‘A Rogue Escape’ to Release June 10th, Splicing Mech Combat & Escape Room in VR


Developer Spare Parts Oasis and publisher Armor Games Studios announced that A Rogue Escape, a VR reimaging of PC puzzle game Nauticrawl (2019), is coming to PC VR headsets on June 10th.

Update (May 20th, 2021): It’s been six months since we last saw A Rogue Escape, and now developer Spare Parts Oasis says it’s coming to SteamVR headsets on June 10th, 2021, announced through a new trailer (linked above and below).  You can wishlist it on Steam here.

The original article follows below:

Original Article (November 30th, 2020): The genre-splicing title, which is based on 2019’s IndieCade nominated rogue-lite puzzle game Nauticrawl, puts you in the commander’s seat of a giant steam punk-style mech stuck on a hostile planet.

In order to escape the planet, you’ll have to figure out how the gargantuan machine works, and discover the functions tied to its dizzying array of switches, buttons, screens and levers.

Clues left behind by its former crew are indispensable, as you learn to navigate across the world to five control centers in effort to free yourself from the planet’s elite overlord class.

Image courtesy Spare Parts Oasis

Spare Parts Oasis’ Andrea Interguglielmi, the original creator of Nauticrawl, says the game isn’t a port as such, but rather a “complete reinvention of something that now seems like it was always meant to be experienced in VR.”

To create A Rogue Escape, the team also partnered with VR development studio, Sylphe Labs, to “reimagine Nauticrawl’s titular vehicle as a completely 3D inhabitable space,” its developers say.

A Rogue Escape is slated to launch on the Oculus Store for PC and via SteamVR headsets in 2021. You can also sign up for the game’s closed beta here.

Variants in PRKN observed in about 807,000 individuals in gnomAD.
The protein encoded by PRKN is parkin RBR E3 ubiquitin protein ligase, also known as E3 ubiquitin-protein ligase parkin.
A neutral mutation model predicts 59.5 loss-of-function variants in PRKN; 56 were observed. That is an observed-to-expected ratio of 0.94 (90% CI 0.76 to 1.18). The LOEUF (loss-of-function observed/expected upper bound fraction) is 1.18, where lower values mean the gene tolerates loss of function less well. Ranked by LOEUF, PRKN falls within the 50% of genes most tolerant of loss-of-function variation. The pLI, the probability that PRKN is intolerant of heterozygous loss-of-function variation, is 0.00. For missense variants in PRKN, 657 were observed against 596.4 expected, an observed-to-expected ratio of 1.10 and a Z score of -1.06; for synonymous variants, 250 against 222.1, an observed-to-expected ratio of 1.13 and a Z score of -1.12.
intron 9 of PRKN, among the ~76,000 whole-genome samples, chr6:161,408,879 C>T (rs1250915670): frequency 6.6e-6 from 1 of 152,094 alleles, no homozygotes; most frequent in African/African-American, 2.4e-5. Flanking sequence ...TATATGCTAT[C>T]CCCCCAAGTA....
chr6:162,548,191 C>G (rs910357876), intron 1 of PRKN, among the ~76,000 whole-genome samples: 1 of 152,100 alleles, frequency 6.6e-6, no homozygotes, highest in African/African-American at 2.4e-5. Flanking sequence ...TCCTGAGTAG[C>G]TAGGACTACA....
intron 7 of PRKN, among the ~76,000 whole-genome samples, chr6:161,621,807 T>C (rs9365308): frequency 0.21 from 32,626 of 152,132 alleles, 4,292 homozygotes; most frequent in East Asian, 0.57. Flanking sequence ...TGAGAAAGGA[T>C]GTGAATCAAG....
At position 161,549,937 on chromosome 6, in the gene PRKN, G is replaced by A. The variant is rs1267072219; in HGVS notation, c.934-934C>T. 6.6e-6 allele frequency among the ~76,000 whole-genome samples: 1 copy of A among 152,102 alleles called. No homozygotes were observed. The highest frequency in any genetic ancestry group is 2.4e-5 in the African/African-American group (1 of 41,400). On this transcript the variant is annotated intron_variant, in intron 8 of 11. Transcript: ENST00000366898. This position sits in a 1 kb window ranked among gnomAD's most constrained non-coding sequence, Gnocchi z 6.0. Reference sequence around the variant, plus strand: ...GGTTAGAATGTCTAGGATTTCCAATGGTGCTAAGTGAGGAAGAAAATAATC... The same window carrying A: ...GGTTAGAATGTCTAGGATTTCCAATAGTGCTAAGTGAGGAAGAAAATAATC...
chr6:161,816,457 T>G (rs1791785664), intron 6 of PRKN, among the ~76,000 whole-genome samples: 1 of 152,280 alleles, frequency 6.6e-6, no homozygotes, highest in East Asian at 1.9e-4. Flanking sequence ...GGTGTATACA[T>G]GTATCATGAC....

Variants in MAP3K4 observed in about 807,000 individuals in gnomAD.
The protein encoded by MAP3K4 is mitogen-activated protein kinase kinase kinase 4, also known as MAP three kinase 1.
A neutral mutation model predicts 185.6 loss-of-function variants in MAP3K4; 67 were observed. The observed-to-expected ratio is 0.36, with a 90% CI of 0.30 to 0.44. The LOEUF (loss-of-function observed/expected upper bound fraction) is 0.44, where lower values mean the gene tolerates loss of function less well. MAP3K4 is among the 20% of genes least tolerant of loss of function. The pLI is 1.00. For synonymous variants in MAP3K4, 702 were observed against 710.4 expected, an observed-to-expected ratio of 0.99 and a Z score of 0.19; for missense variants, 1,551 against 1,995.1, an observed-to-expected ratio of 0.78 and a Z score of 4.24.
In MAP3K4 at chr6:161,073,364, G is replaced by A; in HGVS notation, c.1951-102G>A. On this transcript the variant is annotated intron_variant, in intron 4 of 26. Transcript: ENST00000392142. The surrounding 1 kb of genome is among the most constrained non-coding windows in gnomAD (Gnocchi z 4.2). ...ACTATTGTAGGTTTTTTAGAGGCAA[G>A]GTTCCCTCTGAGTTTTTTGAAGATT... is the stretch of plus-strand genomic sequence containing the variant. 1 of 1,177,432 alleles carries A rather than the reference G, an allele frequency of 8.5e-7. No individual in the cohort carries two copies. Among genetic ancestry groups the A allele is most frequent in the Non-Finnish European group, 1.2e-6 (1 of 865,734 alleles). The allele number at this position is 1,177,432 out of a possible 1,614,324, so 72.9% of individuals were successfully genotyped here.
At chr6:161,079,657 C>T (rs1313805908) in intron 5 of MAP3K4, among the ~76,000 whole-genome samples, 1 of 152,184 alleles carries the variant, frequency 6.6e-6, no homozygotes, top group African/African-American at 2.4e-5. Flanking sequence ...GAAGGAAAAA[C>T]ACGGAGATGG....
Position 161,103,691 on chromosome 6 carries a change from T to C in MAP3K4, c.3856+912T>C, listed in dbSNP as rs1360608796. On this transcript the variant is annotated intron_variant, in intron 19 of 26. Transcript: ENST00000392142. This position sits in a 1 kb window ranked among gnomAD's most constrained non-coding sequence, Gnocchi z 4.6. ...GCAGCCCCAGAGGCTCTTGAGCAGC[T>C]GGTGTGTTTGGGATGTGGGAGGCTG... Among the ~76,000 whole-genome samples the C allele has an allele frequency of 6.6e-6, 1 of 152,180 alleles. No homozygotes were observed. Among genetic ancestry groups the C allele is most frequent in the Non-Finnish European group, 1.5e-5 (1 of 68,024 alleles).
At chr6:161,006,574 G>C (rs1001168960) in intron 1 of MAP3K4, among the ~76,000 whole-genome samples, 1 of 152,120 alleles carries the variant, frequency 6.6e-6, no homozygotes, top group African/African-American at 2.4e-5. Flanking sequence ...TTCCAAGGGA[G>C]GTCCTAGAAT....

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  • Ad

    It’s always a bit of good news to see something isn’t coming to Quest.

    • theailer

      Yeah, atleast a not exclusive to quest game.

      • Ad

        Honestly no it’s a big step up when it’s not on quest at all because it means they’re actually focusing on a PC, what it can do, and PCVR standards. Quest is both much more constrained hardware and a different market so Quest ports will always be an unpleasant reality and a game made for both is going to be a sensitive thing because that rarely means exclusive features or functionality for PC.

        • John Cruddas

          Also means devs will make a tiny fraction of the money that they would have made with a Quest port…

          • Ad

            You mean when they’re rejected from the Quest store? The success of devs on quest is partly a matter of being one of a small pre selected group. There still aren’t as many Quests as PC headsets and when the market for software on Quest saturates, returns to devs will fall by a lot from more competition, higher standards from consumers (many games have higher ratings on quest than on PC), and lower sales per headset to a casual audience.

    • John Wills

      but I pcvr with my quest wirelessly….. don’t you?

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